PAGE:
The intent of this strategy is to build capacity in the Santa Cruz Region for professional development to be offered to English and Spanish speaking early care and education professionals.  By piloting a professional development program that will be offered to 25 early care and education professionals every other month, the grantee will identify whether there is interest among early care and education professionals for continued professional development in the region.

Tohono O’odham Nation

In State Fiscal Year 2019, approximately 43 early childhood professionals were committed members of the Community of Practice, A’al Ha-Mascam (Children and their Learning) through the Tohono O’odham Community College (TOCC) in partnership with the United Way of Tucson and Southern Arizona. The early childhood professionals who participated in the TOCC Community of Practice had the opportunity to simultaneously enroll in coursework through the college, creating a pathway of higher learning. From a system-building perspective, TOCC, a key system partner working in partnership with the regional council, continues to work closely with other higher education institutions, including Northern Arizona University, to ensure a seamless transition and pathway to see more early childhood professionals on the Tohono O’odham Nation achieve bachelor’s degrees.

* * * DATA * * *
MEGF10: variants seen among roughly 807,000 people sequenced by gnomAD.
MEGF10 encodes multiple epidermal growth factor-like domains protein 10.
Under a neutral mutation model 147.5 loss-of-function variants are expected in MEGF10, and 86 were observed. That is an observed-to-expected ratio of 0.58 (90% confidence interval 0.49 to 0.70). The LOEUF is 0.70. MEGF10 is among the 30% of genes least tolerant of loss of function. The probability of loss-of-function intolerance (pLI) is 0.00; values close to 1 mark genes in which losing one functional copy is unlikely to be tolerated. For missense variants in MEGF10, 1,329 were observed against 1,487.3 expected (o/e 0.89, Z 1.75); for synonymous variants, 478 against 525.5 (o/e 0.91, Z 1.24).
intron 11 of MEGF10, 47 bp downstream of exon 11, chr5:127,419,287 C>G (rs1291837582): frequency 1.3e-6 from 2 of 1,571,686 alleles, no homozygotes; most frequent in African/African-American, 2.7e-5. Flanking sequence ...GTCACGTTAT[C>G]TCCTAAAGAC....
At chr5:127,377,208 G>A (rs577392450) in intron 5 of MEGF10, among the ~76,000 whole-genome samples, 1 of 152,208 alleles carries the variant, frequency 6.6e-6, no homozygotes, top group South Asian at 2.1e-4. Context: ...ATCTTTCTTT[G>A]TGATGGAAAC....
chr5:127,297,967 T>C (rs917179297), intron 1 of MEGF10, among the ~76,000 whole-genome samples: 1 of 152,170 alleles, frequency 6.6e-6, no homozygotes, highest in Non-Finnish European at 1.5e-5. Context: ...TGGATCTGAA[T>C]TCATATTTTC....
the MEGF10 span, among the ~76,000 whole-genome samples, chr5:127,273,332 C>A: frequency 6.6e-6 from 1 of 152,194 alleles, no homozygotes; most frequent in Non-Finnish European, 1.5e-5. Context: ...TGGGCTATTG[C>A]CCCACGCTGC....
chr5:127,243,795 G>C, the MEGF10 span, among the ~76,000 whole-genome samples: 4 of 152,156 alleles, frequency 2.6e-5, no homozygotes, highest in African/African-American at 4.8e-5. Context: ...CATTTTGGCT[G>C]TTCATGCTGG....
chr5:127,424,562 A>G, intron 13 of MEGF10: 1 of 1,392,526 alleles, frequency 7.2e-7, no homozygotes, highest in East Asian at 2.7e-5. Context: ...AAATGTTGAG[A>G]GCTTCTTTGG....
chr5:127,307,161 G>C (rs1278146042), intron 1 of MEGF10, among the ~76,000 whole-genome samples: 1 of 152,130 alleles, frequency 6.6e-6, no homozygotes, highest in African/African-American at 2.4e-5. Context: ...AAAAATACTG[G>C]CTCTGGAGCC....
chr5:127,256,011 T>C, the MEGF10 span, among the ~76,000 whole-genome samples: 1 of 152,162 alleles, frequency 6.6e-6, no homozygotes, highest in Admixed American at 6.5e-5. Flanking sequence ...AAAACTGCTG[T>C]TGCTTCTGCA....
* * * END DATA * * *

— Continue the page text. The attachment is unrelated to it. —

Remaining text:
Yavapai

The Yavapai Quality First collaborative is a unique collaboration between Quality First coaches, child care health consultants, early childhood mental health consultants and the Arizona Professional Development Workforce Registry. These technical assistants work together to identify ways to maximize the impact of the support services they provide to Quality First providers. This includes planning joint visits and trainings at child care sites, as well as coordinating messaging and referrals to additional resources. The result has been early childhood professionals who report feeling they have the support of a team and technical assistance professionals who experience the benefits of shared work in supporting Quality First providers to achieve best practices.


Find more details about strategies related to Professional Development in the FTF Strategy Toolkit.